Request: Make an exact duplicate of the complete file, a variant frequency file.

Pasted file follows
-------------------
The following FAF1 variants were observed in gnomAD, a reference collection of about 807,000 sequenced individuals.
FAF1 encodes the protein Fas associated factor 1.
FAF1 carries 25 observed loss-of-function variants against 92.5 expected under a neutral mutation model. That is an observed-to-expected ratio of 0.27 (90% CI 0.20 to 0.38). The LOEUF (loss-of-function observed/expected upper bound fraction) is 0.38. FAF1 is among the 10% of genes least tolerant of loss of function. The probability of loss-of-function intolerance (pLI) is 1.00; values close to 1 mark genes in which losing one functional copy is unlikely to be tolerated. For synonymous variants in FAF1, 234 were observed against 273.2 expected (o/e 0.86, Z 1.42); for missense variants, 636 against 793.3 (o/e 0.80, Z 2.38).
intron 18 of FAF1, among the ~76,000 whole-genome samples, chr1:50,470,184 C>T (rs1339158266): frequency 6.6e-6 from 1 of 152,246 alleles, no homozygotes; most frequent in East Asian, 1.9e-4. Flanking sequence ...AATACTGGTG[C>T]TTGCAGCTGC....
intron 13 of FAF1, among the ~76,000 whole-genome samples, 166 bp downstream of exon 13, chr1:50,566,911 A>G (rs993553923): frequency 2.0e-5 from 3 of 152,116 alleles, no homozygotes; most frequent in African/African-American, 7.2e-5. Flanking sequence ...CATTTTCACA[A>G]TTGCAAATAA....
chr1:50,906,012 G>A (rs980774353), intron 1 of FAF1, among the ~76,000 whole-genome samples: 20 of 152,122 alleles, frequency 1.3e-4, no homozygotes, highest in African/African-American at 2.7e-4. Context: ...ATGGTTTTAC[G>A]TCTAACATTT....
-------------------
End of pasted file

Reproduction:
The following FAF1 variants were observed in gnomAD, a reference collection of about 807,000 sequenced individuals.
FAF1 encodes the protein Fas associated factor 1.
FAF1 carries 25 observed loss-of-function variants against 92.5 expected under a neutral mutation model. That is an observed-to-expected ratio of 0.27 (90% CI 0.20 to 0.38). The LOEUF (loss-of-function observed/expected upper bound fraction) is 0.38. FAF1 is among the 10% of genes least tolerant of loss of function. The probability of loss-of-function intolerance (pLI) is 1.00; values close to 1 mark genes in which losing one functional copy is unlikely to be tolerated. For synonymous variants in FAF1, 234 were observed against 273.2 expected (o/e 0.86, Z 1.42); for missense variants, 636 against 793.3 (o/e 0.80, Z 2.38).
intron 18 of FAF1, among the ~76,000 whole-genome samples, chr1:50,470,184 C>T (rs1339158266): frequency 6.6e-6 from 1 of 152,246 alleles, no homozygotes; most frequent in East Asian, 1.9e-4. Flanking sequence ...AATACTGGTG[C>T]TTGCAGCTGC....
intron 13 of FAF1, among the ~76,000 whole-genome samples, 166 bp downstream of exon 13, chr1:50,566,911 A>G (rs993553923): frequency 2.0e-5 from 3 of 152,116 alleles, no homozygotes; most frequent in African/African-American, 7.2e-5. Flanking sequence ...CATTTTCACA[A>G]TTGCAAATAA....
chr1:50,906,012 G>A (rs980774353), intron 1 of FAF1, among the ~76,000 whole-genome samples: 20 of 152,122 alleles, frequency 1.3e-4, no homozygotes, highest in African/African-American at 2.7e-4. Context: ...ATGGTTTTAC[G>A]TCTAACATTT....